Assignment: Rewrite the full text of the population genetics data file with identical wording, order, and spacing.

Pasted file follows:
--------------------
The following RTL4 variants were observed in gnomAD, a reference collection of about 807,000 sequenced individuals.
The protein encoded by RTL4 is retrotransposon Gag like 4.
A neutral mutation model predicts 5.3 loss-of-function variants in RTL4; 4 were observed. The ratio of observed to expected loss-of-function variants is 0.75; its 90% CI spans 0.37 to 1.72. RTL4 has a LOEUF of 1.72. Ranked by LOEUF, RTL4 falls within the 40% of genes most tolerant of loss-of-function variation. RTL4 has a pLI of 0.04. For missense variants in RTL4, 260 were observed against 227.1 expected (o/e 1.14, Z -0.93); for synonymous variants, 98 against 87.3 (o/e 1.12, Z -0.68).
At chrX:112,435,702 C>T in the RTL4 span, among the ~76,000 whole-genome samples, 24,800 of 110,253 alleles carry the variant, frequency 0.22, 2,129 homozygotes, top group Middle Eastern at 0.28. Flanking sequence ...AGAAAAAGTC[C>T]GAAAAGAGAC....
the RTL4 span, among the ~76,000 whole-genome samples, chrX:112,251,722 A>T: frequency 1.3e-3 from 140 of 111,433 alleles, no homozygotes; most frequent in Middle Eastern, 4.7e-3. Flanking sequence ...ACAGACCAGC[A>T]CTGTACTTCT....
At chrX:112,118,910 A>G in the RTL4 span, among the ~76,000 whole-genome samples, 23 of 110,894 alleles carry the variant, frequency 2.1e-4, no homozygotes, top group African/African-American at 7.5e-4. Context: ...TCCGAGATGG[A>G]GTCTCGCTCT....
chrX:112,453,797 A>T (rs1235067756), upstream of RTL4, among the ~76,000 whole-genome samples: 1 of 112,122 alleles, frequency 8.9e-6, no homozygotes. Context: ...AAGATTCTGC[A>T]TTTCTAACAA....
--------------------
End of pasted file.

The following RTL4 variants were observed in gnomAD, a reference collection of about 807,000 sequenced individuals.
The protein encoded by RTL4 is retrotransposon Gag like 4.
A neutral mutation model predicts 5.3 loss-of-function variants in RTL4; 4 were observed. The ratio of observed to expected loss-of-function variants is 0.75; its 90% CI spans 0.37 to 1.72. RTL4 has a LOEUF of 1.72. Ranked by LOEUF, RTL4 falls within the 40% of genes most tolerant of loss-of-function variation. RTL4 has a pLI of 0.04. For missense variants in RTL4, 260 were observed against 227.1 expected (o/e 1.14, Z -0.93); for synonymous variants, 98 against 87.3 (o/e 1.12, Z -0.68).
At chrX:112,435,702 C>T in the RTL4 span, among the ~76,000 whole-genome samples, 24,800 of 110,253 alleles carry the variant, frequency 0.22, 2,129 homozygotes, top group Middle Eastern at 0.28. Flanking sequence ...AGAAAAAGTC[C>T]GAAAAGAGAC....
the RTL4 span, among the ~76,000 whole-genome samples, chrX:112,251,722 A>T: frequency 1.3e-3 from 140 of 111,433 alleles, no homozygotes; most frequent in Middle Eastern, 4.7e-3. Flanking sequence ...ACAGACCAGC[A>T]CTGTACTTCT....
At chrX:112,118,910 A>G in the RTL4 span, among the ~76,000 whole-genome samples, 23 of 110,894 alleles carry the variant, frequency 2.1e-4, no homozygotes, top group African/African-American at 7.5e-4. Context: ...TCCGAGATGG[A>G]GTCTCGCTCT....
chrX:112,453,797 A>T (rs1235067756), upstream of RTL4, among the ~76,000 whole-genome samples: 1 of 112,122 alleles, frequency 8.9e-6, no homozygotes. Context: ...AAGATTCTGC[A>T]TTTCTAACAA....